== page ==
One might be comforted hearing Lindsey Any-Way-the-Wind-Blows Graham on the Senate floor admitting that Joe Biden won a fair election and saying “it’s over,” or hearing Chris Christie on ABC saying that Trump’s actions Wednesday were “absolutely impeachable,” or hearing Mick Mulvaney trying to slither away at the 11th hour by laughably claiming that Trump “has become a different man” from the sober-minded, reasoned President that he’s known. Seeing the violent storming of the U.S. Capitol, the deaths of five people (including a police officer), the bombs planted, and the angry mob roaming the halls of Congress looking to overturn a legitimate election, execute Nancy Pelosi and hang Mike Pence, one might think that Wednesday’s events might have finally brought about the come-to-Jesus moment that so many of us had expected time after time for Republican Party leadership, where they would finally renounce Donald Trump.
But right wing media, which sets the tone for that leadership, has now found their safe space of indignation, and it does not include a repudiation of Trumpism. The basic lines being repeated now on Fox News are:
- The violence at the Capitol was absolutely wrong and unacceptable, and those who did it need to be held accountable;
- It is infuriating to hear people on the left lecturing Trump supporters about rioting when those same Democrats were either silent or sympathetic during the summer of riots, looting and fires following George Floyd’s death;
- Throughout the summer, numerous Democrats and mainstream media quoted MLK that rioting is “the language of the unheard.” Why aren’t they applying that same quote here?
- White Democrats see this riot as different because white Democrats are elites, and nothing scares them more than seeing an uprising from the less fortunate “proles” who look like them;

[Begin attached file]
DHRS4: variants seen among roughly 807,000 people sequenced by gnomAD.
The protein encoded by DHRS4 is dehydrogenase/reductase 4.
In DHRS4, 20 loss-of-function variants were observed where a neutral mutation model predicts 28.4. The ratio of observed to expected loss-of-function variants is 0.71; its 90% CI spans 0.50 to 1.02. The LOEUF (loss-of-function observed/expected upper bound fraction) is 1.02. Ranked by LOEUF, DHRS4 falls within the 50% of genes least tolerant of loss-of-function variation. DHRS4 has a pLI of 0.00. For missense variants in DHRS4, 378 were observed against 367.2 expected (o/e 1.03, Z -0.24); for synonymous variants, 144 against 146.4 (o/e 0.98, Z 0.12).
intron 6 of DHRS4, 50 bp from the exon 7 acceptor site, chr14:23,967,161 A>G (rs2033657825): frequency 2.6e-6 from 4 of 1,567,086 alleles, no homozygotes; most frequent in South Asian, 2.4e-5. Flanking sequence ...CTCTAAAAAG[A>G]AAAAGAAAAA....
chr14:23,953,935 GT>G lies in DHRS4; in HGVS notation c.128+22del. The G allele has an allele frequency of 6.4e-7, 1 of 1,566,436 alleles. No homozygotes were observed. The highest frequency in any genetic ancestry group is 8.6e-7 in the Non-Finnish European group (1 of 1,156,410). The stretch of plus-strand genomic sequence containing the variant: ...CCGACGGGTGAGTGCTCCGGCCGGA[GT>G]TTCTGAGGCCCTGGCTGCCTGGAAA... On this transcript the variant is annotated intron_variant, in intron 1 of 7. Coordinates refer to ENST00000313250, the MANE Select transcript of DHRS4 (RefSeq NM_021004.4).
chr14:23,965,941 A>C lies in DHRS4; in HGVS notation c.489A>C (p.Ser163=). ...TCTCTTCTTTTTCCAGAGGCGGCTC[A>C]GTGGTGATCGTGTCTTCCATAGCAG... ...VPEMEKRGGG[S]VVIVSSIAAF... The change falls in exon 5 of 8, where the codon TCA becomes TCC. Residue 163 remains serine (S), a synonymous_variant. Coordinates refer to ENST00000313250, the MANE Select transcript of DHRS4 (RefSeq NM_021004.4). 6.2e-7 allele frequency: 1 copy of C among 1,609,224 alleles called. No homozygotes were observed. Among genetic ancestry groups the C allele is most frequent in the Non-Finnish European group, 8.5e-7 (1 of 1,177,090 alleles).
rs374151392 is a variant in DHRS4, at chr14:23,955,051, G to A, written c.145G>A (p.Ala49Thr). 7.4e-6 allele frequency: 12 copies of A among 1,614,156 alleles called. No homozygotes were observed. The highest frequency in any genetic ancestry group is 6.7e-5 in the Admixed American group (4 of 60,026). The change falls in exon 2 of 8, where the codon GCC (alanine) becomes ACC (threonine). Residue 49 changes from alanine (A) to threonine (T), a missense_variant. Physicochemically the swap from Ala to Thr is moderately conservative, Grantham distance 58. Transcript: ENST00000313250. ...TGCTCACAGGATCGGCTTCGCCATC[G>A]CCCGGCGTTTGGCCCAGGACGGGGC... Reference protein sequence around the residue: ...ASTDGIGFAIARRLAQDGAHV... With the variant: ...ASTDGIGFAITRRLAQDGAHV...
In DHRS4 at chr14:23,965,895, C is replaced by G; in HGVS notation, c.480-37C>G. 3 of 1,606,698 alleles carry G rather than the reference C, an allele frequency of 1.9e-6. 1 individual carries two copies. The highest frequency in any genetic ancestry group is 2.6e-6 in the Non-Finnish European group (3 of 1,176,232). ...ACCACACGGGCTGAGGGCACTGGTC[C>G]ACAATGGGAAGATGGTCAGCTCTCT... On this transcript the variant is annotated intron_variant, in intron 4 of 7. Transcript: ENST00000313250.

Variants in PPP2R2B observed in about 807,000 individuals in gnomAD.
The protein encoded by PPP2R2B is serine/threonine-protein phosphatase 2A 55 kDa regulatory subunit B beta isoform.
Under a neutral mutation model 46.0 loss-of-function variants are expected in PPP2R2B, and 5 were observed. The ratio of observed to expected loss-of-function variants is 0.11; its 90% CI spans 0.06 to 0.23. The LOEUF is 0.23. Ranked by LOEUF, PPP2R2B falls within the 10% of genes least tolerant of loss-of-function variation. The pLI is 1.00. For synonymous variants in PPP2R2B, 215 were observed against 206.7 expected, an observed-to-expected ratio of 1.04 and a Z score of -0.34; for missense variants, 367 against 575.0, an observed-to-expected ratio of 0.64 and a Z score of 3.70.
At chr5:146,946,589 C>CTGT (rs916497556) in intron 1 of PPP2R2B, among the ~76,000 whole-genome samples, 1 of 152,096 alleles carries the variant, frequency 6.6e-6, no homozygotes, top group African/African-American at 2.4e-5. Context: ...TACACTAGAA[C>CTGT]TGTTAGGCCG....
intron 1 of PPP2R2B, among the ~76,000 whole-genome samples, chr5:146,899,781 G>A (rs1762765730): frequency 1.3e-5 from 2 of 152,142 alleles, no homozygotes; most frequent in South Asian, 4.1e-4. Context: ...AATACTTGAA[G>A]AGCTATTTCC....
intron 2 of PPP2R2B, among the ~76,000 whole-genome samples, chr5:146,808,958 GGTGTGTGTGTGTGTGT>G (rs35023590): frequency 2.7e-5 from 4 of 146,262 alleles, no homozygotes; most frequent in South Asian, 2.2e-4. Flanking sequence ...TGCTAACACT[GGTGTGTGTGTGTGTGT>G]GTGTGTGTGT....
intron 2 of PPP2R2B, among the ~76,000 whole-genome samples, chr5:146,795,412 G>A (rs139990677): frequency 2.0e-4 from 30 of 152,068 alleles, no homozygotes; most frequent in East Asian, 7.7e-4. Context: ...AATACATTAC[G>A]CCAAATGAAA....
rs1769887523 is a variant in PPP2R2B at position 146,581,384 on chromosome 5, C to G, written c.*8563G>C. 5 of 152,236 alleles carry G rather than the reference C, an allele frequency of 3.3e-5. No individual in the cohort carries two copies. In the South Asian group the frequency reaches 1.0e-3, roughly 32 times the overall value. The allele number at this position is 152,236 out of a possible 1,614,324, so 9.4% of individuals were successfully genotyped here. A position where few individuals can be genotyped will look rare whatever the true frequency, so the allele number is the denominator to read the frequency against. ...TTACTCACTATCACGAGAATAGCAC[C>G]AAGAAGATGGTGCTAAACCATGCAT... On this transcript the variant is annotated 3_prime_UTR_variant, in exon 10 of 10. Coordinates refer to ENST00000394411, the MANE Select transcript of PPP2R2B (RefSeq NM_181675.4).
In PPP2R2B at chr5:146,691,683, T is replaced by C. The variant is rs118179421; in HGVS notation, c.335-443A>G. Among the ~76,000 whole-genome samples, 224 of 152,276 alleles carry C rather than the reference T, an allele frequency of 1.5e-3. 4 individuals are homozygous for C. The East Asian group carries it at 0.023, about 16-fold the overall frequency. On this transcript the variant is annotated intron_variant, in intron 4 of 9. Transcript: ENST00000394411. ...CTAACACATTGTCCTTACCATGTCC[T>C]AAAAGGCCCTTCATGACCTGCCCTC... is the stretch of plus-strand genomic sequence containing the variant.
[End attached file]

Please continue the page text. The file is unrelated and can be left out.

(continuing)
- It is ridiculous to suggest that Donald Trump should be removed from office for inciting the riot. He is not responsible for the 5 deaths, any more than Nancy Pelosi is responsible for the riots over the summer where 30 people died after she said that she didn’t see why people weren’t rioting in the streets, or when Maxine Waters said to “get up in the face” of Republican politicians: the rioters were responsible their own decisions;
- The left is now trying to paint all Trump supporters with the violence at the Capitol, when in reality most Trump supporters were aghast at what happened and in no way support it;
- The left is cynically using the Capitol riot as a distraction from “legitimate questions” about the integrity of the election, hoping that those questions will now simply go away;
- Big tech is siding with the Democrats censoring the President – and by extension all Republicans – by kicking him off of Twitter and Facebook, and by wanting Parler to set standards regarding content that includes plans for violence: people on the right are victims once again, and this is yet another example of “cancel culture” where the left stifles free speech.
For what it’s worth, I actually agree with points 1, 2, 3, and 6, and wish that we could occasionally look inside and grant the “other side” some credence when they point out our flaws. Rioting is unacceptable no matter who is doing it, and it is also an understandable expression of indignation over an injustice that the rioters feel has been ignored. In the case of the summer’s riots, it was the injustice of decades of oppressive violence and unwarranted suspicion by a segment of police toward people of color. In the case of Wednesday’s riots, it was the manufactured injustice of an election that the President, his sycophants, right wing media, and the social media echo chamber had all proclaimed was deeply fraudulent, yet which was poised to move forward unchallenged.
I keep hoping for an inflection point in all this – something where right wing media see an excuse to pull of the highway of crazy disinformation that they’ve been on for so long. When Fox News had the audacity to refer to Joe Biden as the President-elect after all the votes had been counted the first time – losing many viewers to NewsMax in the process – I thought that perhaps the day had arrived for them to start pulling back from their steady stream of insanity. Hours into the storming of the Capitol, when Bret Baier said that he was getting messages from government officials around the world saying that what they were seeing was the kind of thing that the U.S. used to lecture them about, I was optimistic that Fox was indeed changing course for the better. But somehow, the Tucker Carlsons, Sean Hannitys and Laura Ingrahams have won out – if only to try to claw back that lost share of viewership – and the narrative of an atrocious event that should unify all Americans has once again become polarized along political lines. I fear that we are in for a bumpy ride ahead.
– rob rünt